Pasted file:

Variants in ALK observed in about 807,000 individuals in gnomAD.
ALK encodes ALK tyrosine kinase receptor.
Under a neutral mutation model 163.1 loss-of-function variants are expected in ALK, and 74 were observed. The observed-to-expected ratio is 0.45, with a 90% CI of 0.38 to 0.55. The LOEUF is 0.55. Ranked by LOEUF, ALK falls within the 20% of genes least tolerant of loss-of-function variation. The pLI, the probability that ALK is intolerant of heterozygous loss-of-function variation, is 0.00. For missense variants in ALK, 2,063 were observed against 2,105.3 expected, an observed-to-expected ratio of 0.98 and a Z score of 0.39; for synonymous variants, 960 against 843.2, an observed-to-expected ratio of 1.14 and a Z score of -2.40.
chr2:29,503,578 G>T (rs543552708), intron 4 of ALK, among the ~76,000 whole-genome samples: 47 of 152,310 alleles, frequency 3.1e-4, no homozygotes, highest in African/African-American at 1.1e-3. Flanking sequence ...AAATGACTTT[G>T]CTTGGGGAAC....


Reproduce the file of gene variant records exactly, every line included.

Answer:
Variants in ALK observed in about 807,000 individuals in gnomAD.
ALK encodes ALK tyrosine kinase receptor.
Under a neutral mutation model 163.1 loss-of-function variants are expected in ALK, and 74 were observed. The observed-to-expected ratio is 0.45, with a 90% CI of 0.38 to 0.55. The LOEUF is 0.55. Ranked by LOEUF, ALK falls within the 20% of genes least tolerant of loss-of-function variation. The pLI, the probability that ALK is intolerant of heterozygous loss-of-function variation, is 0.00. For missense variants in ALK, 2,063 were observed against 2,105.3 expected, an observed-to-expected ratio of 0.98 and a Z score of 0.39; for synonymous variants, 960 against 843.2, an observed-to-expected ratio of 1.14 and a Z score of -2.40.
chr2:29,503,578 G>T (rs543552708), intron 4 of ALK, among the ~76,000 whole-genome samples: 47 of 152,310 alleles, frequency 3.1e-4, no homozygotes, highest in African/African-American at 1.1e-3. Flanking sequence ...AAATGACTTT[G>T]CTTGGGGAAC....